HARTFORD, Conn. (AP) - Connecticut U.S. Sen. Chris Murphy said Thursday he believes the impeachment trial of President Donald Trump could have some lasting benefits for the nation, despite the Republican ultimately being acquitted following what Murphy called a gift-wrapped present from the Senate to the leader of the GOP.
While Murphy predicted Trump’s behavior might be chilled slightly, the Democrat told an audience at the University of Connecticut School of Law the decision by House Democrats to pursue articles of impeachment could ultimately have a more lasting effect on future U.S. presidents.
“It … creates a moral and ethical and legal line in the sand that other future administrations may eventually see, even if this one doesn’t,” he said. “So I think it as a future benefit. We didn’t just lie down and accept this because impeachment was going to be hard.”
Both Murphy and U.S. Sen. Richard Blumenthal, also of Connecticut, joined their fellow Democrats in voting as a group Wednesday to convict Trump of obstructing Congress and abuse of power. Only Utah Republican U.S. Sen. Mitt Romney joined the Democrats in voting to convict Trump on the abuse of power charge.
Murphy said he considers Romney a friend and was one of a handful of senators in the chamber when the former two-time Republican presidential candidate delivered his speech, explaining his decision to break ranks with his GOP colleagues. Murphy admitted to the crowd that he was “a little choked up” by Romney’s remarks, understanding the “sizable political risk” his friend was taking.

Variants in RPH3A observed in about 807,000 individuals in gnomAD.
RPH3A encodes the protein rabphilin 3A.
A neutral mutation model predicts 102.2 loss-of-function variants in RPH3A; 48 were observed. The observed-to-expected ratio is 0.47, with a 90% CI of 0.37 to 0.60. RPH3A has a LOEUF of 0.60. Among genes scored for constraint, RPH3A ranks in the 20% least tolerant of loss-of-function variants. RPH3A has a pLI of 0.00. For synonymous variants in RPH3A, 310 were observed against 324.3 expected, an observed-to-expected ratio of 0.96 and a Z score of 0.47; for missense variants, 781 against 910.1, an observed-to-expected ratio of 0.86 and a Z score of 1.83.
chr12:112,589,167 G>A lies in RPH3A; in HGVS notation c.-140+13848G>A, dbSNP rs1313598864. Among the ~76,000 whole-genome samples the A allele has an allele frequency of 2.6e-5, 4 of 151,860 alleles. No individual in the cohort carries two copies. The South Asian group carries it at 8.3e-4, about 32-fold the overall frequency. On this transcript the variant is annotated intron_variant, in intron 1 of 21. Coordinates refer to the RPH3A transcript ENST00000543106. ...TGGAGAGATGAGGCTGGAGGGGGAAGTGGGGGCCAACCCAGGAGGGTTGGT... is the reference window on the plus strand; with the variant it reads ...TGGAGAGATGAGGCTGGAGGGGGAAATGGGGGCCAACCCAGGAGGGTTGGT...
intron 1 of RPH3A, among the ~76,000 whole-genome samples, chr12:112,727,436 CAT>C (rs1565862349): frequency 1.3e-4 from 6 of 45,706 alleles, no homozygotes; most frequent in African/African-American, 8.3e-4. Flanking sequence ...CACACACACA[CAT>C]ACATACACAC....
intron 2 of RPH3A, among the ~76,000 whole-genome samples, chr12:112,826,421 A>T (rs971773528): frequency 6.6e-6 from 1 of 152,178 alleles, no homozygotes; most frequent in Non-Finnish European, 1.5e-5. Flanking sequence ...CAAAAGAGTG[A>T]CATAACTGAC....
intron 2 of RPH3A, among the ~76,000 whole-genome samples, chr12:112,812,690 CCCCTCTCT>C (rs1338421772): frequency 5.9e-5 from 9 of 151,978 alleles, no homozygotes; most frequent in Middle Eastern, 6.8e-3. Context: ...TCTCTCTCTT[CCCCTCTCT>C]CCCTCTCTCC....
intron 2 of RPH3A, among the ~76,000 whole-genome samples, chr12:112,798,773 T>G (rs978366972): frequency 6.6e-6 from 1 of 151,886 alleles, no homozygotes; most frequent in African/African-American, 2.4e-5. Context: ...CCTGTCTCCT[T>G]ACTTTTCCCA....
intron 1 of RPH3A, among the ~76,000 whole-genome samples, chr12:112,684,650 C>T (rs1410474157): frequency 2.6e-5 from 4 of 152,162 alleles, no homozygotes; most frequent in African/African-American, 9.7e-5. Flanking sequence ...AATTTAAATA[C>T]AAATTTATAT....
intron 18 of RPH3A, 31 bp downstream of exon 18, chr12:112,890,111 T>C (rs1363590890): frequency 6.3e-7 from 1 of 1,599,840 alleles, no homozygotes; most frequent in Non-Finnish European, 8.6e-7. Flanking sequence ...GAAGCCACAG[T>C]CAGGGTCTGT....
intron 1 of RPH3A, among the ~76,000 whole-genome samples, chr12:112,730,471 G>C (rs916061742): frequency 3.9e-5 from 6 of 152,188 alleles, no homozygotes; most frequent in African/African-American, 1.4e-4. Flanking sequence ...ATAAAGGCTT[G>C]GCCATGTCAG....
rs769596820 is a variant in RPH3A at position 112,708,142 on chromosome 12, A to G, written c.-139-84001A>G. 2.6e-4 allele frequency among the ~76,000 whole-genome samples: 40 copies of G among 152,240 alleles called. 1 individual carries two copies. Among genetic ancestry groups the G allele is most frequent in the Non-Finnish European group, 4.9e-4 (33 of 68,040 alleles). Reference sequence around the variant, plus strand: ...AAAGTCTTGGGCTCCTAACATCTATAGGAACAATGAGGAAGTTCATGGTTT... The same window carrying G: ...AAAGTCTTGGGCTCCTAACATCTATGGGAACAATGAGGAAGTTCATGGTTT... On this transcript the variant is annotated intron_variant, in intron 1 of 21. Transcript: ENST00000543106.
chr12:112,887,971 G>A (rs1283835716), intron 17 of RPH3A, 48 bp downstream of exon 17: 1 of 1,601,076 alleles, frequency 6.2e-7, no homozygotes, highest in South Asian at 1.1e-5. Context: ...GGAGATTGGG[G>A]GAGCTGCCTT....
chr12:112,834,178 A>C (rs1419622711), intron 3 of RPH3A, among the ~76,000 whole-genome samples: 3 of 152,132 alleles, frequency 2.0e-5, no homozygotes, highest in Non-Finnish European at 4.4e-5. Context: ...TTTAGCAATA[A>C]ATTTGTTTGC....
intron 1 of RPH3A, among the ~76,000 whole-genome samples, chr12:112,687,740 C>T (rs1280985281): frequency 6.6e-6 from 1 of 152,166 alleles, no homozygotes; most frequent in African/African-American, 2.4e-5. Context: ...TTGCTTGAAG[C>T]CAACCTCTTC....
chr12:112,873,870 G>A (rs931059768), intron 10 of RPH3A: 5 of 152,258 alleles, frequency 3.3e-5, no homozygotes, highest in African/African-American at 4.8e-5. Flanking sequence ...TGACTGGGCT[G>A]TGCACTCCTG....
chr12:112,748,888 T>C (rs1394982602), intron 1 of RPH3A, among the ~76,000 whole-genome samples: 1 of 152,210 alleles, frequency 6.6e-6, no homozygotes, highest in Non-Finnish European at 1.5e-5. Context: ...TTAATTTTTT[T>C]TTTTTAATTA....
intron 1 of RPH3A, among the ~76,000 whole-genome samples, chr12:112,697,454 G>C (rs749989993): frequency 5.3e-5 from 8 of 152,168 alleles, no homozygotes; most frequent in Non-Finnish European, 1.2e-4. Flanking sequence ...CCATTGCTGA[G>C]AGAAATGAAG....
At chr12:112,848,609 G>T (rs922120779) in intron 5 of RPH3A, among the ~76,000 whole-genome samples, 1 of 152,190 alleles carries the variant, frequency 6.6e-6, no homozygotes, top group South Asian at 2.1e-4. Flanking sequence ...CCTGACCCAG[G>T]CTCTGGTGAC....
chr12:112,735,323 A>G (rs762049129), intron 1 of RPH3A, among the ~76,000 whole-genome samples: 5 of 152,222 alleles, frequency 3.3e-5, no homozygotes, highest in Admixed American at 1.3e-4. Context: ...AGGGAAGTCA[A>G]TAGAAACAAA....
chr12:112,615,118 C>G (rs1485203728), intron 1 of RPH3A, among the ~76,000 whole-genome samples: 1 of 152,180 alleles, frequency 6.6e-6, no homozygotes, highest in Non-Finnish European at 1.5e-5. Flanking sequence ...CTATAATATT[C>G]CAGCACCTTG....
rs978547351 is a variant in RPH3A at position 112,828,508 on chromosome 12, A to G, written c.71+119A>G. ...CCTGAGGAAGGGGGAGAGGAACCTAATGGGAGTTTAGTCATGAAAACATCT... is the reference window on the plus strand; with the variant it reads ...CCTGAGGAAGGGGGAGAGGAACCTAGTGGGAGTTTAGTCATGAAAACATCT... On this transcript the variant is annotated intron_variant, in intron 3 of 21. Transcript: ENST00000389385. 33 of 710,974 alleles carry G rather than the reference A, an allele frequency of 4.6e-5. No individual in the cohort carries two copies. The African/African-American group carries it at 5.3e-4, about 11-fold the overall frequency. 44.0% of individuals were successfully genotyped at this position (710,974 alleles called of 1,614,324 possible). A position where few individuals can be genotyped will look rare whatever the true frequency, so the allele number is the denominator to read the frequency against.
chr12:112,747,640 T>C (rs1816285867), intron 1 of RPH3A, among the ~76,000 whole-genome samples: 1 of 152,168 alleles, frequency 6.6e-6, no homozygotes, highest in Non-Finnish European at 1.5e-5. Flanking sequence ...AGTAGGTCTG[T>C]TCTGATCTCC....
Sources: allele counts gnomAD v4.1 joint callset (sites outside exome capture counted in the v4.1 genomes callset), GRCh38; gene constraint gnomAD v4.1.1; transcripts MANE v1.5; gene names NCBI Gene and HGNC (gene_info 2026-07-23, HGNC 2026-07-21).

“But I was also emotional because there was Mitt Romney, one of the great political figures of our time, recognizing that this is indeed a moment that the history books will spend pages and pages describing and analyzing and interpreting,” Murphy said. “My guess is that Mitt knows that this might be a pivotal moment in American history, the moment that we’re living in right now.”
Murphy, who criticized GOP leadership for not agreeing to allow witnesses and other evidence during the Senate trial, which he called “a show trial,” said Romney’s actions are an important lesson for everyone. He said Democrats in particular should think hard about Romney’s decision on Wednesday to break with his political party, especially if a Democratic president faces impeachment in the future.
“Would we have the courage to do what Senator Romney did, remove a Democratic president who had chosen to trade away the safety of the nation for political help,” asked Murphy. “Would we have made the same decision that my friend did yesterday afternoon?”
While Murphy said he believes he personally would have voted to convict a Democrat who did the same things as Trump, he admitted having “some doubt” that all his Democratic colleagues would do the same. Murphy noted that’s a problem for the future of the U.S. Senate, which was purposely designed to be deliberative and not put political party above the country.
Murphy said “the tough work” is to now figure out how to make sure “the health of our party never again comes before the health of our country” and that “no political figure in the future should have to endure being such an outlier as Mitt Romney will in the coming days, weeks and months.”
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